The Villa of Nennig was discovered by chance in 1852: its discovery is due to a peasant digging a pit in his garden intended for the conservation of vegetables. The Archaeological Society of Treves, warned of the find of Roman remains, hastened to acquire the land and erected a temporary protective construction. The ruins of the villa are noted for their exceptional mosaics, which have survived in remarkably good condition. They are considered as one of the most important of its kind north of Alps and they include vivid depictions of gladiators fighting.
Splendid Villa of Nennig
According to evidence of various finds (coins, fibulae, ceramics), the Villa of Nennig was founded in the 1st century AD. The Villa was divided into a living area (Pars urbana) and an economic area (Pars rustica). The latter consisted of a courtyard through which a paved road lead from the Moselle river to the manor house. Utility and residential buildings stood on both sides of the courtyard.
The Pars urbana of the villa included a residential building 120 m wide with a portico facade, two spacious side wings (guest apartments) connected to the main building by porticos, a vast 500 m² large bathhouse and an 260 m long Garden portico between the main house and the Baths. It was certainly a splendid residence, one of the most beautiful and luxury in the region. The villa was likely abandoned by the end of the fourth century.
Today visitors can see the foundation walls of the manor house, and parts of the peristyle north of the mosaic room.
Source of the picture: TimeTravelRome. Licence: CC BY 2.0. Full album: See more on Flickr.
The Villa of Nennig is famous for the excellent 15.65 x 10.30 m mosaic in the reception room of the manor house. The mosaic is considered as one of the finest and most important examples of Roman mosaic art from the 2nd and 3rd centuries AD north of the Alps, and it is one of the few to remain in its place of origin.
Seven of the original eight medallions of the Mosaic have survived. The eights medallion at the entrance has been destroyed, perhaps intentionally, by later occupants of the villa. In its place is a modern inscription indicating that the mosaic was discovered in 1852, reconstructed in 1874, and completely restored in 1960, when the mosaic was reset on pillars to protect it from ground water.
What the Mosaic Shows ?
The mosaic depicts scenes from the circus: medallions tell a bloody story of the cruel games taking place in the amphitheater.
1/ A Retiarus armed with trident and dagger is fighting against a Secutor. The first character on this medallion is armed with a three-pointed spear called tridens or fuscitia. This gladiator – a Retiarus – from the name of a net, “rete”, has the head encircled by a sort of crown, lemniscus. This crown was a mark of distinction indicating that the wearer had been victorious several times. The character on the right, a Secutor, is armed with a helmet and a large shield. Behind them and in the middle, there is a lanista, or master of gladiators, who seems to stimulate them by his gestures.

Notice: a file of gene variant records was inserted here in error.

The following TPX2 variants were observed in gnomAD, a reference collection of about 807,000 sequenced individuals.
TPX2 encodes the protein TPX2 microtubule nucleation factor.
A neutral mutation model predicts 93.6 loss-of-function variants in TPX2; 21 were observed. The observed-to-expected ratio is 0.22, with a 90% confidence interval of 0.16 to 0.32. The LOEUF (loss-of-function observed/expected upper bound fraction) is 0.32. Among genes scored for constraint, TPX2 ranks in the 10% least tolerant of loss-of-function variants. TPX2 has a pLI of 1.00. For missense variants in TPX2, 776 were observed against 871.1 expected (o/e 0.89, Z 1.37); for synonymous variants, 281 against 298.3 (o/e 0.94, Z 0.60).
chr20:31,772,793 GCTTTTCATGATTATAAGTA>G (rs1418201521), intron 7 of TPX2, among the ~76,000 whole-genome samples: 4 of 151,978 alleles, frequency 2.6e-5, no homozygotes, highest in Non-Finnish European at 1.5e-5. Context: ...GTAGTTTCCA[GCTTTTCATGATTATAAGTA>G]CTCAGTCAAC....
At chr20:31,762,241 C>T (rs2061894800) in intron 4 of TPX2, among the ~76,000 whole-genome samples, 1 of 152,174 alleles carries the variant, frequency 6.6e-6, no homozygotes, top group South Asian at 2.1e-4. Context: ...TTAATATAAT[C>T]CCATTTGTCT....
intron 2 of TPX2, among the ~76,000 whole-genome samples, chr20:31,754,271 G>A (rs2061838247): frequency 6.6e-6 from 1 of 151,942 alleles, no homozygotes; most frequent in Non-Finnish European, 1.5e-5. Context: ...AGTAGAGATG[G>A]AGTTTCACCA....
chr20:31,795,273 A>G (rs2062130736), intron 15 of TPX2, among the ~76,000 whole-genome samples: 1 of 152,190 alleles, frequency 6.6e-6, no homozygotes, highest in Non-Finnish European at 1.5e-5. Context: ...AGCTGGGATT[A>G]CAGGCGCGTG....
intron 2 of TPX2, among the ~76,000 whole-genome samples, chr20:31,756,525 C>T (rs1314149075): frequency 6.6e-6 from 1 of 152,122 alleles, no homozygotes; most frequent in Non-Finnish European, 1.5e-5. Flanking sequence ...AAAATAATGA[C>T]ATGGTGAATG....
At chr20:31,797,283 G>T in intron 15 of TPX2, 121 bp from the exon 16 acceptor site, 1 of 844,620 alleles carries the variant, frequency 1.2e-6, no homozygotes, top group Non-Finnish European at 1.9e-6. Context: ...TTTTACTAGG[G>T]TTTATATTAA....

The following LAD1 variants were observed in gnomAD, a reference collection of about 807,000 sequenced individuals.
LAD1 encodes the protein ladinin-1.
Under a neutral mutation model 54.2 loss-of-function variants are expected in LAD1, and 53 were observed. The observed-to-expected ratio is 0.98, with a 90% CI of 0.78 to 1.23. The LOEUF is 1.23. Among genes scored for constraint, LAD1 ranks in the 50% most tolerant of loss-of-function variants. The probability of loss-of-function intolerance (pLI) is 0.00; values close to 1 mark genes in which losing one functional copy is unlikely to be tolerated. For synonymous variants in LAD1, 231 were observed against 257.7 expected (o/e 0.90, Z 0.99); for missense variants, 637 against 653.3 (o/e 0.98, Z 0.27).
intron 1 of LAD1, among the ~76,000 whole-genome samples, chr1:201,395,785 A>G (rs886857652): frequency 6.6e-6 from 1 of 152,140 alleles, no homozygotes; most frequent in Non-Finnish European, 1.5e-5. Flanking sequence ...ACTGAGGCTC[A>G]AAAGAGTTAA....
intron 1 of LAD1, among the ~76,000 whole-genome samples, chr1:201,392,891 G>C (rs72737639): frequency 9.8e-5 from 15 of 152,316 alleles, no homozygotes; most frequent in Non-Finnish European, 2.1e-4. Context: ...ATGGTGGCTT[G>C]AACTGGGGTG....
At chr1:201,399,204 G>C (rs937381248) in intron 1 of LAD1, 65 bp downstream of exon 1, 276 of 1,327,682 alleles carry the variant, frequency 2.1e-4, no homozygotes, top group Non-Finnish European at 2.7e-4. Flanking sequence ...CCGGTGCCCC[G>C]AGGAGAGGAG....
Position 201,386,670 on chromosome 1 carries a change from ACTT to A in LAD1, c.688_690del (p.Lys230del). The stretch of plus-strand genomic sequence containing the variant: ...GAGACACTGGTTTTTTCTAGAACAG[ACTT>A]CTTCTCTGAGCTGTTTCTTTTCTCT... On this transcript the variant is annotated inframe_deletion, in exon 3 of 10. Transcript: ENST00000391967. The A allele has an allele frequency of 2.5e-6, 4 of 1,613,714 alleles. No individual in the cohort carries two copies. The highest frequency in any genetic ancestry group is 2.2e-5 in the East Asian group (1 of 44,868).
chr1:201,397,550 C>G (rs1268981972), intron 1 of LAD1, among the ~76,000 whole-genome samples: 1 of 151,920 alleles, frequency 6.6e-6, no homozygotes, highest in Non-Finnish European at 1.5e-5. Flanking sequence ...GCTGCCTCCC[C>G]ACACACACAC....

2/ In this scene, which is in the center of the mosaic, a bear has thrown one of the gladiators to the ground, while two confederates try to drive the animal off by lashes from their whips.
3/ This medallion was the first to be discovered (in 1853). It depicts a lion, with only the head of the ass still is in his possession, being led away by his aged keeper.
4/ Venator with leopard. Wounded, the leopard tries to pull the javelin out of its side but succeeds only in breaking it off. The venator, his left arm protected and another spear in his hand, acknowledges the acclamation of the crowd.
5/ The beginning and conclusion of the games would be announced by music, often including a water organ (hydraulis), in which water pressure pushed the air through the bronze pipes. The mosaic of Nennig depicts an organist and a horn (cornu) player. The organ is shown in details: it has a hexagonal water cistern set on a plinth with cylinder pumps mounted on each side towards the top of the cistern. The wind chest is also hexagonal and rests on the cistern and rising from it are twenty eight pipes, with the longest, base pipes on the organist’s right.
6/ Two combatants are attacking one another with cudgels and a whip.
7/ A female tiger has brought down a wild ass and looks about before beginning her feast.
The design of the framing ornament is very beautiful and a rich.
Roman Tumulus of Nennig
Between the Villa’s Baths and the Moselle river a burial mound (tumulus or Mahlknopf) was erected on the domain. Excavations conducted in 1986/87 allowed the discovery of a circular wall at the foot of the Tumulus with a diameter of 44.5 m. The tomb was surrounded by a square wall measuring 94 x 100 m. It is possible that the burial mound was modeled on the tomb of Emperor Augustus in Rome, underlining the prosperity and the prominent social position of the former owner of the villa.
Nennig Villa on TimeTravelRome
The villa is featured in our Mobile App together with other Roman remains around the Trier.
« Une visite à la mosaique de Nennig », Georges Boulangé, Revue Archéologique, 1855, No. 1, pp. 106-112. https://www.jstor.org/stable/41742211
« Musical Instruments in the Roman World », Thesis by Mary Angela Wardle, University of London, Institute of Archaeology, September 1981. Vol 2. https://discovery.ucl.ac.uk/id/eprint/1317908/2/299235_Vol2.pdf
Nice article about the Mosaic (I kindly borrowed a few elements used for mosaics description): https://penelope.uchicago.edu/~grout/encyclopaedia_romana/gladiators/nennig.html